Americans need single payer health coverage

Polls show that over 125 million adults in our country already favor full Medicare for all, with free choice of doctor and hospital without stifling networks. I say “already” because, as of yet, there is no major national campaign underway showing that an “everybody in, nobody out” system of health insurance costs less, with better outcomes, is simpler, without maddeningly inscrutable or fraudulent  bills, co-pays, deductibles and additional trap doors set by a bunch of greedy corporations. The campaigns that exist today are receiving too little on-the-ground assistance for such a widely supported issue.

A super-majority of only 535 members of Congress — senators and representatives — can make that decision. A bill, H.R. 676, the “Expanded & Improved Medicare for All Act,” is now supported by 121 House Democrats, which is two-thirds of all the Democrats in the House of Representatives. So that’s a good start.

H.R. 676 has been referred to several regular committees of the House whose chairs are all Republican corporatists. So there have been no public hearings. The bill, not surprisingly, is not moving at all.

Millions of Americans have had the bitter experience of denials of health care, staggering bills, pay-or-die drug prices and even loved ones dying because they couldn’t afford health insurance (about 35,000 a year, according to Harvard Medical School experts). So, in the next month, imagine what would happen if just 10 million of the 125 million who support full Medicare for all wrote, telephoned or emailed their two senators and representative demanding action and a written response by their lawmakers (who don’t pay postage).

Not to be confused with other lesser health insurance bills, mostly in the Senate, H.R. 676 is the real thing. It covers “all individuals in the U.S. with free health care that includes all medically necessary care, such as primary care and prevention, dietary and nutritional therapies, dental services, and vision care.” No more premiums, co-pays or gaping deductibles.

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Presently, all Canadians are covered at an average per capita cost half of what Americans, insured and uninsured, are having to spend for health care. The system proposed in H.R. 676 is similar to Canadian Medicare. It includes public funding and free choice of private delivery of health care. It also has provisions for better record keeping, prevention and quality control. There is even transition retraining for all those clerical and administrative jobs that would not be necessary after displacement of the present bloated, wasteful, redundant health care sub-economy.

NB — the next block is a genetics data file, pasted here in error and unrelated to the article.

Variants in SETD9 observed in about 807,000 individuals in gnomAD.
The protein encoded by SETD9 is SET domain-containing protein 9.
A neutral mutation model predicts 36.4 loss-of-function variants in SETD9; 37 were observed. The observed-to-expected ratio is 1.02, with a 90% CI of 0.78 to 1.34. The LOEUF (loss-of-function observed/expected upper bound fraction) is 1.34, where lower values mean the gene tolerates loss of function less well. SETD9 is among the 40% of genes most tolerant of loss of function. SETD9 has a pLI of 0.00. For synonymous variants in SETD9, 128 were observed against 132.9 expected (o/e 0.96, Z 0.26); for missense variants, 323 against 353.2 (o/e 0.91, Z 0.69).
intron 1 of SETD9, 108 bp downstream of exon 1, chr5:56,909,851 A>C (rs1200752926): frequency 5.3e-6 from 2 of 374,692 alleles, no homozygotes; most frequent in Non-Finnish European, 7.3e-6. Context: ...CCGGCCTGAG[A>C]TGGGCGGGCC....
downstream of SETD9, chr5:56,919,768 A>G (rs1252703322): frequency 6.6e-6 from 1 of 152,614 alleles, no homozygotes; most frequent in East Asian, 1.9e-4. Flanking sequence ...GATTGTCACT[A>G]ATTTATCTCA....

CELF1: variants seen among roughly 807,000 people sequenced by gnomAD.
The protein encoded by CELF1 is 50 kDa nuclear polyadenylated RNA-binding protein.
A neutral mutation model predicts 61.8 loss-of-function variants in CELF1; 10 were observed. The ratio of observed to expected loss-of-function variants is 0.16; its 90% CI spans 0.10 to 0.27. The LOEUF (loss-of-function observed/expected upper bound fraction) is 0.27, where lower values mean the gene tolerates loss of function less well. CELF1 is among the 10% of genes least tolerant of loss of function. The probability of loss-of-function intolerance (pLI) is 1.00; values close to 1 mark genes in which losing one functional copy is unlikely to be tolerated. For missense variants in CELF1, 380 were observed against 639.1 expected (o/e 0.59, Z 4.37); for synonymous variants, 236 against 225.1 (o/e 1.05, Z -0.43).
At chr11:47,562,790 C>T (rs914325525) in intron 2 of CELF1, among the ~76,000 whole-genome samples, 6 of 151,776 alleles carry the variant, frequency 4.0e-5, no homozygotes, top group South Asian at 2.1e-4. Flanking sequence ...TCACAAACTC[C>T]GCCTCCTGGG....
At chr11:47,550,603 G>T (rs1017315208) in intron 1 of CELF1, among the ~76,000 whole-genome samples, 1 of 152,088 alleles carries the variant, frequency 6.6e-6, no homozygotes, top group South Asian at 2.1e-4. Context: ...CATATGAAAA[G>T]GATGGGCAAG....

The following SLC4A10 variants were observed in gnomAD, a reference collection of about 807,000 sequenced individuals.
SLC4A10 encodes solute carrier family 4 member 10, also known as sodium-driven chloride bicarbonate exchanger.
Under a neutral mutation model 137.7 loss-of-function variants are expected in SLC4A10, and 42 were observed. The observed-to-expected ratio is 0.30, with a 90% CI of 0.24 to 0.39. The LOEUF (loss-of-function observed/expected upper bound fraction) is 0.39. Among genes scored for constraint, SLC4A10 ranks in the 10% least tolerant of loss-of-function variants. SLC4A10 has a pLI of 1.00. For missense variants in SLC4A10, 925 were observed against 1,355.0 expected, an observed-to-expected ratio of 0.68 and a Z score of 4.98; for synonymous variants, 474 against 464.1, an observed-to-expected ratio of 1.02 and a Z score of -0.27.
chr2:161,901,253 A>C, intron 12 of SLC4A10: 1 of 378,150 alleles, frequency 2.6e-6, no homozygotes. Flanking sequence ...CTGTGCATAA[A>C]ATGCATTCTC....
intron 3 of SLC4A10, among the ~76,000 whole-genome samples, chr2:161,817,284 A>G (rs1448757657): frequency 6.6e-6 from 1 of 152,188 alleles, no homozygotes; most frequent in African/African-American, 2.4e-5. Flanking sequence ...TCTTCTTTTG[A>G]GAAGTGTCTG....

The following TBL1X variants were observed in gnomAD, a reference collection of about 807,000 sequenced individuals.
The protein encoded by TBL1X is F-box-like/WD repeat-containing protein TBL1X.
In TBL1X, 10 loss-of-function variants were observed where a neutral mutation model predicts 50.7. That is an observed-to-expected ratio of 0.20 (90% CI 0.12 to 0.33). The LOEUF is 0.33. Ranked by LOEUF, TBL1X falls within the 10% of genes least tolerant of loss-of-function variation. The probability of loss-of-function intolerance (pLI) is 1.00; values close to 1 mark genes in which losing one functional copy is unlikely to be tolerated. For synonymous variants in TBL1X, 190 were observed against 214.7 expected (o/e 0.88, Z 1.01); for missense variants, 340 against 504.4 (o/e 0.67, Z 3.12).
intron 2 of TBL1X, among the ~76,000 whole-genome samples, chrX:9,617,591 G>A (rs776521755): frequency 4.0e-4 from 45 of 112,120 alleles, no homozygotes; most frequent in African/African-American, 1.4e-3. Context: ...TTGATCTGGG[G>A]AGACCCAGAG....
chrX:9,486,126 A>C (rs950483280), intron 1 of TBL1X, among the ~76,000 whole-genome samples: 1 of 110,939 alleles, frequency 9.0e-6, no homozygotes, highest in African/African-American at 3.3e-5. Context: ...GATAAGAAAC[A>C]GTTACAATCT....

What would happen to the giant health insurance companies such as Aetna and United Healthcare? They would be prohibited from selling insurance that duplicates the benefits provided under H.R. 676. They could only sell benefits that are not deemed “medically necessary,” such as certain cosmetic surgery operations.

Medicare for all is what the Pentagon does. It is what President Harry Truman wanted from Congress back in the 1940s! It is time.

So will the first 10 million Americans step up and be counted by sending messages directly to their senators and representatives in the month of April? The amount of time required to send a letter, an email or a telephone call is so brief that activated citizens could be called the modern “Minutemen” for universal health insurance. Just think of all the tasks you do every day that take far more time, like trying to figure out bills, denials, exclusions, from this basic human right.

Go to SinglePayerAction.org to get the details, the motivation and the groups with which to connect. The congressional telephone switchboard is 202-224-3121. Make sure to give your legislators your name and contacts; they’ll take the call or letter more seriously.


Consumer advocate and former presidential candidate Ralph Nader grew up in Winsted and is a graduate of The Gilbert School. He is the founder of the American Museum of Tort Law in Winsted.